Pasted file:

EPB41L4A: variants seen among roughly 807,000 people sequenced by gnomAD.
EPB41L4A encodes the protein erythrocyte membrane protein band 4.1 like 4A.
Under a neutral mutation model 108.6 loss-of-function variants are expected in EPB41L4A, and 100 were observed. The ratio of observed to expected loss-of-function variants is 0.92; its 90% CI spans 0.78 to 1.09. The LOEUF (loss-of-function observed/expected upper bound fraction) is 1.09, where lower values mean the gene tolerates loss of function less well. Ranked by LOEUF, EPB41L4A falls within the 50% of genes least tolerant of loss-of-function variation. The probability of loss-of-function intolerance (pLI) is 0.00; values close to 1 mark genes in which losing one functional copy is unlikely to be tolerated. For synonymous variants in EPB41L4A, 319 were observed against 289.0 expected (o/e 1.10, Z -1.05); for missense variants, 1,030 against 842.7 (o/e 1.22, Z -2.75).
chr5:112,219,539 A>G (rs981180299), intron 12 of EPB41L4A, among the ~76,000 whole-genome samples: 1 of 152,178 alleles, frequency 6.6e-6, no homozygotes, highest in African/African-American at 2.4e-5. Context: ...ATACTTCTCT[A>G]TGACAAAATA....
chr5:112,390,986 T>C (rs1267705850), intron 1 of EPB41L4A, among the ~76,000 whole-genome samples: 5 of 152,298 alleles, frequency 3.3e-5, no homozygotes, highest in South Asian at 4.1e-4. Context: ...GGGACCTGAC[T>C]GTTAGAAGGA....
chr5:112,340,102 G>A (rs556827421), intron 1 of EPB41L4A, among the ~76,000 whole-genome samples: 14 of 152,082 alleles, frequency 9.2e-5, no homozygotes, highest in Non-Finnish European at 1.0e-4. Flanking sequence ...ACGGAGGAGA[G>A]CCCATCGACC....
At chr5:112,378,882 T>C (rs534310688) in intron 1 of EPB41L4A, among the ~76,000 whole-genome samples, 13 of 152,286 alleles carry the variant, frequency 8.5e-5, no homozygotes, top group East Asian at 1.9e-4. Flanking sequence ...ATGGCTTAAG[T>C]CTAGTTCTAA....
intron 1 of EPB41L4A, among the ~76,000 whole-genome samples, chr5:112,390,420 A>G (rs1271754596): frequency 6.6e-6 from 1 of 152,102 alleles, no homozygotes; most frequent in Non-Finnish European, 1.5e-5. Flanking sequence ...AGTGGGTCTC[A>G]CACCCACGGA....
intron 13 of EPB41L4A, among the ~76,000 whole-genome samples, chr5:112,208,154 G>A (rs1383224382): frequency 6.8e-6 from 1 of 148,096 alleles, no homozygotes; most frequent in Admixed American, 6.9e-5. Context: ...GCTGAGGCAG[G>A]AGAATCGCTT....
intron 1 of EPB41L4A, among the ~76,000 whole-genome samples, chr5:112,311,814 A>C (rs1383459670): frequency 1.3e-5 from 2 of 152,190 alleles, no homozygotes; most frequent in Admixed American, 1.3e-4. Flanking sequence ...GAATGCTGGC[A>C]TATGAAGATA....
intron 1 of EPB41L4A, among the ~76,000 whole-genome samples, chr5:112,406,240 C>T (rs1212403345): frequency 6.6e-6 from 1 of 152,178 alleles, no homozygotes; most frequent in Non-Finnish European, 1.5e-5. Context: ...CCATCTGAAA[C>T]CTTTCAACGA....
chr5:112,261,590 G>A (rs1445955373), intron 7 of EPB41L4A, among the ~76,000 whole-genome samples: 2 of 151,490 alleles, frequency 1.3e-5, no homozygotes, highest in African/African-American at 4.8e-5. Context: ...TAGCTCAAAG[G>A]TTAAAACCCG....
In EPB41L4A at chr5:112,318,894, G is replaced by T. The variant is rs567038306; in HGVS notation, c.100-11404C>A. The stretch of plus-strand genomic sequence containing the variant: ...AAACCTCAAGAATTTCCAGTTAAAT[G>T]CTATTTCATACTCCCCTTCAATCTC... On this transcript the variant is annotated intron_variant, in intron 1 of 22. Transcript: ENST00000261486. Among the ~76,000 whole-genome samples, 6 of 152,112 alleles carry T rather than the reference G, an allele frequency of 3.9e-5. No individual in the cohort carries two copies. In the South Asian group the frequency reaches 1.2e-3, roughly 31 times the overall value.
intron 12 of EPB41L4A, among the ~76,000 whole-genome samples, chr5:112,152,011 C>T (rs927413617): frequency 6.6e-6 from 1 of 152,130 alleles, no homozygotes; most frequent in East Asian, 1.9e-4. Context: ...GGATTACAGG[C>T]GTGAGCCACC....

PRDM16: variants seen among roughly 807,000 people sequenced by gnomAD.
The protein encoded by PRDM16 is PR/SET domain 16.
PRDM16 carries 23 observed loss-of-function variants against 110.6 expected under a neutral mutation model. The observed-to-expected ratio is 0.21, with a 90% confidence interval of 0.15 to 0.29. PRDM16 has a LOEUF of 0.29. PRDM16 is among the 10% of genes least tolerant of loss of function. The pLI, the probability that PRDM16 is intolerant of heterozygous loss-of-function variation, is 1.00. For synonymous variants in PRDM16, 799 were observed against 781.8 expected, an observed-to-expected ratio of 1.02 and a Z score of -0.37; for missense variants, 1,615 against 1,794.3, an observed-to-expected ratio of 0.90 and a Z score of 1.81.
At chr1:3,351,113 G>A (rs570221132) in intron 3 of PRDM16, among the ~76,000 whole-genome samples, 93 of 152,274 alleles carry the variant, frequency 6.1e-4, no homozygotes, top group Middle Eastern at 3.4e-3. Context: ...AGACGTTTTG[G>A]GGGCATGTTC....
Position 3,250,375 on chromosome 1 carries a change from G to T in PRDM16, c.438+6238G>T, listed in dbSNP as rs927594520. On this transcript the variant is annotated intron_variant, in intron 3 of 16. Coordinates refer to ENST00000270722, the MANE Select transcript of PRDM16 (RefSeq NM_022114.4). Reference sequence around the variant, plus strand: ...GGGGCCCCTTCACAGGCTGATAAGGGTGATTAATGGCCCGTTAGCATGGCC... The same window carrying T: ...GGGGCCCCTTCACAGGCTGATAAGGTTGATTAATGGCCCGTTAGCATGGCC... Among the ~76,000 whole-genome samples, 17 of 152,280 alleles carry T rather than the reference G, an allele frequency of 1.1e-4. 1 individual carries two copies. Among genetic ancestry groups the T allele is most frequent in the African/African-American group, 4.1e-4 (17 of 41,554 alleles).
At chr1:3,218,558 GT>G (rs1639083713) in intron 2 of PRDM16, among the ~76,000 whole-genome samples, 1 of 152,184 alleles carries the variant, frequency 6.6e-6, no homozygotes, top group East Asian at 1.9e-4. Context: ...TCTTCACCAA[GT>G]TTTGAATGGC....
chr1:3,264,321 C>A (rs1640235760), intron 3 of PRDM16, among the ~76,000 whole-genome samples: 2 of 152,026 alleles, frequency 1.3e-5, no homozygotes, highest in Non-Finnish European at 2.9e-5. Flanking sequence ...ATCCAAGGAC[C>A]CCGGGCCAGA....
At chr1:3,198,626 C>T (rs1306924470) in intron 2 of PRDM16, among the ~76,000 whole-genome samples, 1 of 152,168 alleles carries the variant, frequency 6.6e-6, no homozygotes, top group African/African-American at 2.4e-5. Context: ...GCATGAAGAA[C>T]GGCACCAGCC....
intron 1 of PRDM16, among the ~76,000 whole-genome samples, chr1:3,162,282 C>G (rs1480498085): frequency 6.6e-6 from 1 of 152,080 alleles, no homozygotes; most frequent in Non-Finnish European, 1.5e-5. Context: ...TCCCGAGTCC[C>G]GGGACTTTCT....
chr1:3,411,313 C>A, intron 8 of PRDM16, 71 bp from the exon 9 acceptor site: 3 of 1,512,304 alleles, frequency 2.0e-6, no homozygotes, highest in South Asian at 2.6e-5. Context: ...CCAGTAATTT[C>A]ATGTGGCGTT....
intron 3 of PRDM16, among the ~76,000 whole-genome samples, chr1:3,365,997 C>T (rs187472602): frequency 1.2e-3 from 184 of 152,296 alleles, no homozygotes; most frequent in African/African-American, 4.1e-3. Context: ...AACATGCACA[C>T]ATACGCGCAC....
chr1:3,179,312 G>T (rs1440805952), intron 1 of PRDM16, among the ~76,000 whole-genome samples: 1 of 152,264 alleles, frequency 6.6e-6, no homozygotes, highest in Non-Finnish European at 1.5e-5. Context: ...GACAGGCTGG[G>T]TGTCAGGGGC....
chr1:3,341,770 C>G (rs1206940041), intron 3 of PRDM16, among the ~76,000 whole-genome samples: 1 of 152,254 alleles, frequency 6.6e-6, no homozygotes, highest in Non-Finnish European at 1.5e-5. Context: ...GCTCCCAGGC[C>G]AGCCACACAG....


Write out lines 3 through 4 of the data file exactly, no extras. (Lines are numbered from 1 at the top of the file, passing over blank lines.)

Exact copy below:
Under a neutral mutation model 108.6 loss-of-function variants are expected in EPB41L4A, and 100 were observed. The ratio of observed to expected loss-of-function variants is 0.92; its 90% CI spans 0.78 to 1.09. The LOEUF (loss-of-function observed/expected upper bound fraction) is 1.09, where lower values mean the gene tolerates loss of function less well. Ranked by LOEUF, EPB41L4A falls within the 50% of genes least tolerant of loss-of-function variation. The probability of loss-of-function intolerance (pLI) is 0.00; values close to 1 mark genes in which losing one functional copy is unlikely to be tolerated. For synonymous variants in EPB41L4A, 319 were observed against 289.0 expected (o/e 1.10, Z -1.05); for missense variants, 1,030 against 842.7 (o/e 1.22, Z -2.75).
chr5:112,219,539 A>G (rs981180299), intron 12 of EPB41L4A, among the ~76,000 whole-genome samples: 1 of 152,178 alleles, frequency 6.6e-6, no homozygotes, highest in African/African-American at 2.4e-5. Context: ...ATACTTCTCT[A>G]TGACAAAATA....